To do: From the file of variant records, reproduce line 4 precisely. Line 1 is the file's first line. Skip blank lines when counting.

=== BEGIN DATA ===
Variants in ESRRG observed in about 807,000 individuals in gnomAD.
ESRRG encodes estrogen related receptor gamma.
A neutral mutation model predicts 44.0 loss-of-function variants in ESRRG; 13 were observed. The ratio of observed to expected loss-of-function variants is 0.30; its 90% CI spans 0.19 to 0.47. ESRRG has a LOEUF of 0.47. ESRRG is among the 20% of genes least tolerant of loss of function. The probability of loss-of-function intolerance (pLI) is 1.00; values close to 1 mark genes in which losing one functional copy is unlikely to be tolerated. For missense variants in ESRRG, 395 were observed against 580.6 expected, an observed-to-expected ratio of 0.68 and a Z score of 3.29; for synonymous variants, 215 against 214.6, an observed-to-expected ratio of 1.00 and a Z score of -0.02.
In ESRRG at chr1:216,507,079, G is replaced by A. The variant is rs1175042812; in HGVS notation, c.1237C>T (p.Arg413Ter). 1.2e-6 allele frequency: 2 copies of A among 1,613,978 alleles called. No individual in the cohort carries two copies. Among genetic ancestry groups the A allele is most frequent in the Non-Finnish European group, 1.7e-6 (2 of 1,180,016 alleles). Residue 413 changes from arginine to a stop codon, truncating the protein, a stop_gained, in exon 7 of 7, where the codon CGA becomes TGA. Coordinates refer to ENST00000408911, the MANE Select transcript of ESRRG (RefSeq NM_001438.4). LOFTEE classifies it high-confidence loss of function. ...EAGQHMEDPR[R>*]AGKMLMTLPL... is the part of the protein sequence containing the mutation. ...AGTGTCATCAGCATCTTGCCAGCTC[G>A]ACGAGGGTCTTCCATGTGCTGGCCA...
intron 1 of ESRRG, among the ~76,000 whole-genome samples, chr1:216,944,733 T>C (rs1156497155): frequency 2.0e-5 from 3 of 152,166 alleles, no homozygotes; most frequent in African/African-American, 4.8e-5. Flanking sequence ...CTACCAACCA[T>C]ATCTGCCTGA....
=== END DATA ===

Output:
In ESRRG at chr1:216,507,079, G is replaced by A. The variant is rs1175042812; in HGVS notation, c.1237C>T (p.Arg413Ter). 1.2e-6 allele frequency: 2 copies of A among 1,613,978 alleles called. No individual in the cohort carries two copies. Among genetic ancestry groups the A allele is most frequent in the Non-Finnish European group, 1.7e-6 (2 of 1,180,016 alleles). Residue 413 changes from arginine to a stop codon, truncating the protein, a stop_gained, in exon 7 of 7, where the codon CGA becomes TGA. Coordinates refer to ENST00000408911, the MANE Select transcript of ESRRG (RefSeq NM_001438.4). LOFTEE classifies it high-confidence loss of function. ...EAGQHMEDPR[R>*]AGKMLMTLPL... is the part of the protein sequence containing the mutation. ...AGTGTCATCAGCATCTTGCCAGCTC[G>A]ACGAGGGTCTTCCATGTGCTGGCCA...